The Media’s role
According to consensus from the conference, the media’s watchdog role remains indispensable for democracy in Africa and critically so in the enterprise to rebuild and consolidate democratic gains on the continent. Stakeholders observed that governments, especially autocratic and authoritarian ones, which have the natural proclivity to want to silence dissent, go after the media. For instance, in Burkina Faso, the junta has adopted a policy of conscripting its critics, including journalists, to fight jihadist terrorists. In Mali, excerpts of the tattered state of free expression include the military junta jailing activists and demanding that all journalists join in praise singing for the regime. Regrettably in Senegal, a country that has traditionally been regarded as a press freedom champion, journalists have become an endangered species as the government of Macky Sall brutally hounds the opposition and other dissenters.
There’s still hope for democracy
In spite of the decline however, research, continues to affirm that the majority of Africans prefer democracy to any other form of government. In round 8 of Afrobarometer’s survey (2019-2021), 68% of Africans surveyed across 34 on the continent said they preferred democracy. An even larger majority, 74%, rejected military rule, while 77% and 82% rejected one-party rule and “strongman” rule respectively.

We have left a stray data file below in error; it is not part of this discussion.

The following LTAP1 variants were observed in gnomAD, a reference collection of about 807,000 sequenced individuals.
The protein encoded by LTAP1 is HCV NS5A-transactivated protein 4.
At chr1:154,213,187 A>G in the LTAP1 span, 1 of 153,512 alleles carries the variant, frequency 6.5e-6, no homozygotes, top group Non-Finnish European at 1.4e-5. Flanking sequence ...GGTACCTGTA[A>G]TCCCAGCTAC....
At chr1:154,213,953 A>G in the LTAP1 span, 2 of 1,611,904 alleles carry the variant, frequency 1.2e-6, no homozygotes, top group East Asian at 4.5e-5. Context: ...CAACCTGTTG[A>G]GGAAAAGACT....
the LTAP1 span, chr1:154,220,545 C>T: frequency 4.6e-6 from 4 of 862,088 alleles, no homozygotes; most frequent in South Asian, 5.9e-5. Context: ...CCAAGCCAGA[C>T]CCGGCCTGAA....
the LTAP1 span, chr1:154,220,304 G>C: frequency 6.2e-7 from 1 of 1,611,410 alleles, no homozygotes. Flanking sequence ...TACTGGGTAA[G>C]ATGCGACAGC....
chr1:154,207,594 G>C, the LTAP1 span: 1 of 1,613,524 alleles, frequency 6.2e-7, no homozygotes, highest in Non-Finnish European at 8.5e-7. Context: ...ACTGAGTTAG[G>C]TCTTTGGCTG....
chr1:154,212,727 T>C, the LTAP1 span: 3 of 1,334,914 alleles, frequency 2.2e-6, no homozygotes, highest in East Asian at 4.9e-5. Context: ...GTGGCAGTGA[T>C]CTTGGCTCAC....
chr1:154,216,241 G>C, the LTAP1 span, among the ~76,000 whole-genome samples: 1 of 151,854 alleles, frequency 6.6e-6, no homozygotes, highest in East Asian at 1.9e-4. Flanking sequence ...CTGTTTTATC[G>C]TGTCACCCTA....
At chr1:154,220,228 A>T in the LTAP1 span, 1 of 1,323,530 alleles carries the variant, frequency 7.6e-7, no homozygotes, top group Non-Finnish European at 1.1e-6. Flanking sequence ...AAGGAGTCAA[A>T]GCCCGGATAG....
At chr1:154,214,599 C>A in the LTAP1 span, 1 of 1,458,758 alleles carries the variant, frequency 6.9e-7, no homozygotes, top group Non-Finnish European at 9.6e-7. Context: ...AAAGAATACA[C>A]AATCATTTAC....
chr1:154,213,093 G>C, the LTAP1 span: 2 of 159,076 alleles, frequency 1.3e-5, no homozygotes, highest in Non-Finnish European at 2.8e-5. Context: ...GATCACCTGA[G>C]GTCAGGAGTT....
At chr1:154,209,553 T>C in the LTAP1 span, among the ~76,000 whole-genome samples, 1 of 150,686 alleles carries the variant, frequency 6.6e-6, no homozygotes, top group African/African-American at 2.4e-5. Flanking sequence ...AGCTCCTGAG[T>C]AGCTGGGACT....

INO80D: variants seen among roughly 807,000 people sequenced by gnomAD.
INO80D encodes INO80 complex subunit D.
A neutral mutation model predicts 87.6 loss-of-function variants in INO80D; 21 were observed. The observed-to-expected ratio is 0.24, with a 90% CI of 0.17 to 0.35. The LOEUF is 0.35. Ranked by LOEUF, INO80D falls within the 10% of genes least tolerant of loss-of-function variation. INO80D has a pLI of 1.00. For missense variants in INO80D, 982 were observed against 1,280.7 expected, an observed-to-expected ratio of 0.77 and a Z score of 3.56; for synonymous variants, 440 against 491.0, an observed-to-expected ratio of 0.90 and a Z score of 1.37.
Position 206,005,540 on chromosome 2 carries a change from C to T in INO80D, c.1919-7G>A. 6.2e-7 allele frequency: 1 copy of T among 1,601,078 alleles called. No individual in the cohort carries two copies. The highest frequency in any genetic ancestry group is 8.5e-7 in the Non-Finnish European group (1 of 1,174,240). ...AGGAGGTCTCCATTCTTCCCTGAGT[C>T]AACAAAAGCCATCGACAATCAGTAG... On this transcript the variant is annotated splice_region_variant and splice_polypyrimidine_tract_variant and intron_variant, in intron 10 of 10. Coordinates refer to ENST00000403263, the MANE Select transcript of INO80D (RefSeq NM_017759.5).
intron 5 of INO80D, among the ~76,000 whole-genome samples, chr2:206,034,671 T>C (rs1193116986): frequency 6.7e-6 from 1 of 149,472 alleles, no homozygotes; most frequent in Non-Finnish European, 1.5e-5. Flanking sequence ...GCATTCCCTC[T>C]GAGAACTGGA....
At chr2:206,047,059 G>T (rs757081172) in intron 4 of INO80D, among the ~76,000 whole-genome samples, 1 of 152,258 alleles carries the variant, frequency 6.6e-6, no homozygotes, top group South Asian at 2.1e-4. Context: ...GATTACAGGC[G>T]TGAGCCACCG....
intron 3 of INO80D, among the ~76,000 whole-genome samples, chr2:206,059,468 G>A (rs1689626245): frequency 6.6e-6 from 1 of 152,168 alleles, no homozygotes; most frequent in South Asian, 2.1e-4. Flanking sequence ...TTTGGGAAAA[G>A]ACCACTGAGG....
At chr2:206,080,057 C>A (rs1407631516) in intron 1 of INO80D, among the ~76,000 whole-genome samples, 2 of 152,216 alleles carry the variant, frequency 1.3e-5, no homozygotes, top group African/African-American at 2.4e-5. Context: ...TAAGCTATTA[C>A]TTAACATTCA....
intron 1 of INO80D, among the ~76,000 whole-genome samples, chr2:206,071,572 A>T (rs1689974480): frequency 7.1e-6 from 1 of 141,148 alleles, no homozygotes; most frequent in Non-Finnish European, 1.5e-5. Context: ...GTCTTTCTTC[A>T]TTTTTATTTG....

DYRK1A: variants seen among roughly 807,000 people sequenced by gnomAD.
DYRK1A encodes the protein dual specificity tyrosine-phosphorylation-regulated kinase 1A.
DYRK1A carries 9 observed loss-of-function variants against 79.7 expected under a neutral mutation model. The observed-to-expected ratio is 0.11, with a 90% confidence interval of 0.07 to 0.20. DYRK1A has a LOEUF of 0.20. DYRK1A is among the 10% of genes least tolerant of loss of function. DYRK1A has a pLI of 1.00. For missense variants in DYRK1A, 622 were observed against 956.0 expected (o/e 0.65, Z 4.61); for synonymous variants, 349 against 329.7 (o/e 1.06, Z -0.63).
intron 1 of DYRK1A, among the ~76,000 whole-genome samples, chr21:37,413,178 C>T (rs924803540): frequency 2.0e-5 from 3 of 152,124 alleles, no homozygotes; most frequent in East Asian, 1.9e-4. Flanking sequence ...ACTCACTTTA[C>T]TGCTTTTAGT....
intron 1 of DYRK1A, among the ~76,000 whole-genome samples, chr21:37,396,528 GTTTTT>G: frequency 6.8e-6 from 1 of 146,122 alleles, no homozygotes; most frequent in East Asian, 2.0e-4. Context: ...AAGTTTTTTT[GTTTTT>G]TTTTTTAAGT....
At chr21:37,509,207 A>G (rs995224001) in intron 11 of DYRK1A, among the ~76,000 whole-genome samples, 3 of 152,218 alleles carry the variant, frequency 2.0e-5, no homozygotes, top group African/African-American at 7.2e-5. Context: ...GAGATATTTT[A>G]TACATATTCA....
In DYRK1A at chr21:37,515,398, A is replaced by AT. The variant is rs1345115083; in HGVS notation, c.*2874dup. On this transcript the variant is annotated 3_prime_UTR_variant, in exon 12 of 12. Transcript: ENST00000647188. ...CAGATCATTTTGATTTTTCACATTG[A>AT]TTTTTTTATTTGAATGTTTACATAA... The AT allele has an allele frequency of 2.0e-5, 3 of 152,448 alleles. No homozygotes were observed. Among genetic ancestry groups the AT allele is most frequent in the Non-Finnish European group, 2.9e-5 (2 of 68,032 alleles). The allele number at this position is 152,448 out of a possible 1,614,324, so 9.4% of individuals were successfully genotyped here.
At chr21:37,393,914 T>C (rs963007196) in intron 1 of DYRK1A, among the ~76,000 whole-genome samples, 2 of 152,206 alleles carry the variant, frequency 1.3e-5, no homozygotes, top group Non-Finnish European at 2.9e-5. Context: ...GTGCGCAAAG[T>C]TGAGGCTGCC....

Consequently, stakeholders averred that given that the majority of Africans still prefer democracy, there is still hope to rebuild and consolidate faith in democracy, and this requires the efforts of all stakeholders, more critically, the media.
After two days of deliberations on Media and Democracy in Africa, stakeholders including governments, political parties, the ECOWAS High Commission and the media made the following key recommendations.
- The media’s role as checkmate of government should be bolstered as this is an indispensable way of keeping duty bearers under the watchful eyes of the citizens. However, as the media in the various countries are weak on their own, stakeholders advised that active collaboration be forged among media organizations across the continent as a way of bolstering their voices for a stronger effect. Media organizations across the subregion should also build alliances that improve their watchdog role for democracy and strengthen their voices against anti-democratic activities. These alliances should be among media association groups with pro-democracy agenda. Such a region or continent-wide media alliance should come together and adopt a blueprint on reportage and programming that fosters the tenets and principles of democracy.
- The media should also collaborate with civil society organizations to promote educational programmes/campaigns that help citizens realize and understand their indispensable role in building the democratic culture.
- Finally, as agenda setters and influencers of public opinion, the media and journalists should wean themselves off political allegiances that skew their reportage and programming and further endangers the democratic culture and ensure professionalism in their work.
WAMECA 2023 Supporters